There still exist several events where police forces have crossed the line and have caused harm to the civilians instead of protecting them. People who were protesting the CAA and NRC saw the cruelty and ruthlessness of the police forces. Every day there was a new episode of brutality during that time. During the lockdown, reports of brutality by the police forces came into light. Videos were surfaced online where the police forces were beating up the migrant workers who were going back to their states on foot. Many people who stepped out of their homes to buy essentials were beaten up by the police. The socially and economically weaker sections are the main victims of such brutality as they can be easily repressed.
NECESSITY OF A LEGISLATION TO CONTROL POLICE BRUTALITY
The series of events that occurred in the last few months raise a pertinent question before us relating to the validity of the extent of brutality and the police authority. All those events bring us to a question that what all checks do we have in place to stop police from misusing their power? Courts have earlier laid some guidelines for encounter killings and custodial deaths but still, no law has been formulated to protect the citizenries from this brutality. The National Police Commission (NPC,1977) in its report suggested that the complaints against the police officers must be handled by the Police Department itself. But Padmanabhaiah Committee (2000) pressurised on complainant having access to a non-statutory authority led by the District Magistrate if the complainant is not satisfied. In the case of Prakash Singh & Ors v Union of India and Ors, the court referred Sorabjee and Ribeiro Committee Report which was in favour of the existence of Public Complaints Authority (PCA) at the state and district level. The court instructed the Government to form PCA but only some states formed PCA.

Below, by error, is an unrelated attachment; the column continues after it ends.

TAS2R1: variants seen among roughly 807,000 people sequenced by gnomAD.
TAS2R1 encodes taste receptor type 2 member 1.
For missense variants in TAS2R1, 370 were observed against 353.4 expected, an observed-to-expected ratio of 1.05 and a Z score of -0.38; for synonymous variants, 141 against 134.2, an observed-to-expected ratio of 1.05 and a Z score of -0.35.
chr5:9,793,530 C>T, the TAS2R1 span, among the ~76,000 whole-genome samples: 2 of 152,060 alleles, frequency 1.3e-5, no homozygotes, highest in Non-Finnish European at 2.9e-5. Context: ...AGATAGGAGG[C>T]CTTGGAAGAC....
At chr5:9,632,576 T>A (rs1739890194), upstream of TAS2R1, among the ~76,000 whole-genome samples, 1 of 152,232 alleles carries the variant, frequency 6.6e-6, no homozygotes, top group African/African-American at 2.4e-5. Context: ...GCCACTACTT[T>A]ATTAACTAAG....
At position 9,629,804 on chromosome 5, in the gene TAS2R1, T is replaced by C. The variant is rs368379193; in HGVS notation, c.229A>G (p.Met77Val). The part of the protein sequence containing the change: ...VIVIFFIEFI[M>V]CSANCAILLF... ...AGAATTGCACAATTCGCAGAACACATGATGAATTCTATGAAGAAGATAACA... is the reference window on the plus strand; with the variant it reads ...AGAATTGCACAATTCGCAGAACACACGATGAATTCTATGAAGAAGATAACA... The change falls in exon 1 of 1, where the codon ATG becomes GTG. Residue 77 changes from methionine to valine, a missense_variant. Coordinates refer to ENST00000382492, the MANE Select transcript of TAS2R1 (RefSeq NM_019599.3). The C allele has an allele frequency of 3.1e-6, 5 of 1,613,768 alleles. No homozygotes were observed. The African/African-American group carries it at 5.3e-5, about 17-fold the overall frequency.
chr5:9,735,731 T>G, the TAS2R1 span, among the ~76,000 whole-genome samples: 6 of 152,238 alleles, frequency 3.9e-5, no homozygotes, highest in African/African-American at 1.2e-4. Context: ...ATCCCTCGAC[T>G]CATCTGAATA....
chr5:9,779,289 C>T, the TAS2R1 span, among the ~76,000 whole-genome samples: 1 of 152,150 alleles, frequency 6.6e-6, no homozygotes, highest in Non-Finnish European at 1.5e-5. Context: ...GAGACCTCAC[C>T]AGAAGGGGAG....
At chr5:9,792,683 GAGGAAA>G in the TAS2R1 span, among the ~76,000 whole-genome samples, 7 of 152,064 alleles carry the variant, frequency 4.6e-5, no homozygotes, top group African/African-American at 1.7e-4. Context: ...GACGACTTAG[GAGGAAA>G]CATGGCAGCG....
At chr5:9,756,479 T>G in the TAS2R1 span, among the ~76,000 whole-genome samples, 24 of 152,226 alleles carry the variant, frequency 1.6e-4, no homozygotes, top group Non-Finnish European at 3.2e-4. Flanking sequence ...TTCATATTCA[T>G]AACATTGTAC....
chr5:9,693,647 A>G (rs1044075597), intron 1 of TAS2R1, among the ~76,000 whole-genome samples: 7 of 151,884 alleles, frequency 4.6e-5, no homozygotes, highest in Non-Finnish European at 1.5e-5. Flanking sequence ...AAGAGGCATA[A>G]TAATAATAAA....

The NPC also recommended removing the shield of protection which the police forces get against prosecution brought against them linking to the performance of their official duties. These all suggestions were put forth by the courts, but states never implemented them. Rule of law is the primordial attribute of our Constitution and no person including those who are designated to protect it, are permitted to devalue it and escape without facing any consequences on its violation. Considering recent disruption against the actions of police forces, it becomes utmost important to put in checks over occurrences of police brutality.
The police forces are provided with a considerable amount of leeway while performing their duties as they are for the protection of the public and to confront violent people. They are legally allowed to use physical force under specific conditions. But at the same time, if an officer misuses his power and uses force when is not required or uses more force than is required is certainly crossing the line into police brutality. People should be vigilant enough to know when our law enforcement officers are misusing their power and raise voice against their misconduct. Increasing cases of brutality in India calls for a legitimate authority that will keep a check on police performance and should make them accountable for their misdeeds. It’s time to ponder over our moral responsibility as a society and end this heinous game of brutality.
 ‘Unnamed George Floyds Of India—The Episodic Police Brutality In 2019-20’, Intersectional Feminism – Desi Style, 17 June 2020, accessed 26 July 2020 < https://feminisminindia.com/2020/06/17/unnamed-george-floyds-india-episodic-police-brutality-2019-20/>
 Sumithra Prasanna, ‘Why can’t India End Police Brutality?’, The Diplomat, 1 July 2020, accessed 26 July 2020 < https://thediplomat.com/2020/07/why-cant-india-end-police-brutality/>
 Prakash Singh & Ors v Union of India, 2006 (8) SCC 1